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The Argument: Picasso treated women like dirt but used them to make brilliant art

Can we separate the jerk from the genius?

The Argument | The Heartless Artist

Picasso, La Femme Qui Pleure, 1937

The AGO’s new Picasso exhibition, Masterpieces from the Musée National Picasso, Paris, consists of nearly 150 works taken from the great artist’s personal collection. The drawings, paintings and sculptures that comprise the show represent the full range of his restless genius. All the familiar Picasso motifs are on display: the portraits of reclining women whose bodies fold in on themselves or dissolve into seemingly random geometric shapes; the zaftig ladies and lecherous old men; scenes of tenderness and quiet intimacy that butt up against harshly erotic sketches. Touchingly, one of the final images is a self-portrait of the painter as a young man, grinning innocently and wearing a giant sun hat. (Picasso being Picasso, he painted it a few weeks after drawing a series of lurid brothel scenes; even when he was a nonagenarian, his imagination never wandered far from sex.)

The show’s title is a bit of a misnomer. Though there are some indisputable masterpieces, along with unfinished sketches and studies, what these works do is serve as the highly self-conscious visual journal of a colossal jerk. Picasso’s main subjects were the women he bedded. Beyond the virtuoso skills and the willingness to crash through aesthetic limits, the way Picasso immortalized his own boorishness is a big part of the reason we still find him so compelling.

No honest account of his life can claim he was a mensch. For decades he conducted an affair with Marie-Thérèse Walter, his most famous muse. The voluptuous blonde met Picasso in 1927, when she went shopping at the Galeries Lafayette in Paris. Outside the department store, she was approached by a short fellow with a receding hairline. “I am Picasso,” he said, and asked to paint her. She was 17, and had never heard of the then 45-year-old painter. He visited her home and endeared himself to her family, who let him have his way with her in the garden shed. When he went on holiday with his wife and son, he enrolled Walter at a nearby girls’ camp, from which he would pick her up every day to take her to a rented cabana.

He documents their escapades in his paintings. In Nu Couché, Walter is supine, her face tilted in presumable ecstasy; other portraits depict her in orgies of curving body parts. In La Rêve, one of Picasso’s best-known paintings of Walter, she is asleep in a chair, her dress falling from her shoulders, exposing a nipple. The entire left side of her face is rendered as an erect penis.

Amazingly, Picasso’s wife, Olga, did not fully clue in to the affair until a 1932 exhibition of his work that featured Walter in all her curvy glory; the discovery permanently damaged her already delicate mental health. A few years later, Walter became pregnant with the artist’s baby. (Maya, the love child in question, appears in a few later paintings, often as a pig-tailed girl with large, adult-like eyes, as if she were born with a lot of heavy information about the world.)

Picasso enjoyed pitting Walter against another long-time mistress, the surrealist photographer Dora Maar. In his many portraits of the emotionally unstable Maar, she always appears gasping, wincing, crying and disfigured. In a series of misery-drenched paintings, she is “la femme qui pleure.” When the two women finally confronted each other, reportedly in Picasso’s studio while he painted Guernica, he told them to work it out for themselves, then enjoyed the ensuing fisticuffs. Maar suffered a nervous breakdown after Picasso left her in 1944; Walter hung herself four years after he died.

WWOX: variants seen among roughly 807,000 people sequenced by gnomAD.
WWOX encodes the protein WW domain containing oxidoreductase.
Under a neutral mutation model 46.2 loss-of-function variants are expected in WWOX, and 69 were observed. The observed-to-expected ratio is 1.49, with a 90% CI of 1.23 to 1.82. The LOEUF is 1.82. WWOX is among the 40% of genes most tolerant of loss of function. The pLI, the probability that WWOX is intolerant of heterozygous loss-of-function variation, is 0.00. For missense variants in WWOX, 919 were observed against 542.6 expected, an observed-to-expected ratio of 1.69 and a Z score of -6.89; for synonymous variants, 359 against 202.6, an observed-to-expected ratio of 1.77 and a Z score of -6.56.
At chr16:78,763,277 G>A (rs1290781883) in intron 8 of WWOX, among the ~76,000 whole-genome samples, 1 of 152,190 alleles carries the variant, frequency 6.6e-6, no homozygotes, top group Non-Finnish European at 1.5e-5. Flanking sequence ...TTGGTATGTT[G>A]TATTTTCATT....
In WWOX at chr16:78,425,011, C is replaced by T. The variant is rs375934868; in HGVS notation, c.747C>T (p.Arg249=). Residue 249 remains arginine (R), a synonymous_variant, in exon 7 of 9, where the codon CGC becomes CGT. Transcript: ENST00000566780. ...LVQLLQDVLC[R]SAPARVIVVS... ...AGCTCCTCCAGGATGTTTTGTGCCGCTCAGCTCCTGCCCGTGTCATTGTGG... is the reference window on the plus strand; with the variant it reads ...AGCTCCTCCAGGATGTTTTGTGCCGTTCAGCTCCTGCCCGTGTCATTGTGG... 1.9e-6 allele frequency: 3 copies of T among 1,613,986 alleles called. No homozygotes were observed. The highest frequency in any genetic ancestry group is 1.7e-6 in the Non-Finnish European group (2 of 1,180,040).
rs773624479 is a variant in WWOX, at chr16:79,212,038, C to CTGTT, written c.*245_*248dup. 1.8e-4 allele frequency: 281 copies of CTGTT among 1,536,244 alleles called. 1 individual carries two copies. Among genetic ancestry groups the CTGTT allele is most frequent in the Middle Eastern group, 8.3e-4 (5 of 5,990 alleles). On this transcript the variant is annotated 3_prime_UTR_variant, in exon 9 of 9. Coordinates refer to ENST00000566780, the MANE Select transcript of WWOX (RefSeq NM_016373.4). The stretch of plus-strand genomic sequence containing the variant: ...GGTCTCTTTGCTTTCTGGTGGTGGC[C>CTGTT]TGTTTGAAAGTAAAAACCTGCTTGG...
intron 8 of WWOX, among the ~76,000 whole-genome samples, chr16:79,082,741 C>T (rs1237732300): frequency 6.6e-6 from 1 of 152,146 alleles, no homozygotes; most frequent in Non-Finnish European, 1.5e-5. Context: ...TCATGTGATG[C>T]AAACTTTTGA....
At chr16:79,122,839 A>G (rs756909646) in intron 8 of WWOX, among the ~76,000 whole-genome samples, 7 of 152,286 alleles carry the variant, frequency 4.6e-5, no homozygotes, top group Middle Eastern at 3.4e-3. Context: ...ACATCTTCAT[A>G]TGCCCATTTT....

This unseemly side of the great Spanish painter was not always part of how we saw his work. The 1964 show Picasso and Man, the only other major Picasso exhibition hosted by the AGO, focused on his treatment of the human form and was silent on the sordid details of his private life. For one thing, the painter was still alive at the time, and for another, galleries didn’t go into that sort of thing back then. “In the ’60s, when museums talked about art, they only really talked about it in terms of its historical impact,” says Shiralee Hudson Hill, one of the new show’s planners. “Today, we aren’t afraid to talk about an artist’s biography.” Accordingly, the Masterpieces exhibition will include a timeline of Picasso’s women.

Hill compares Picasso to the singer Chris Brown, who pleaded guilty to assault after hitting Rihanna, his then-girlfriend, so hard she ended up in the hospital. People enjoy the work, even if they deplore the individual. The crucial difference, of course, is that Brown hasn’t yet sung about his conviction, whereas Picasso sourced his genius from the cesspool of his actions—he famously claimed to “paint the way some people write their autobiography.” His private life, once cracked open, becomes another lens through which to view his output, adding meaning to the work and shifting its impact from the brain to the gut.

In many of Picasso’s self-portraits, he depicts himself as a Minotaur displaying the mirada fuerte (strong gaze) with which he seduced poor virgins like Marie-Thérèse Walter. The Minotaur appears only once in the AGO exhibit, in—no surprise—La Minotauromachie, in which the terrifying beast wreaks havoc among a group of men and Walter-like women. But that gaze is implicit throughout the show. It stares back at its viewers and demands a response, daring us to dismiss the art because of the cruelty of the artist.

Picasso: Masterpieces from the Musée National Picasso, Paris
Art Gallery of Ontario
May 1 to Aug. 26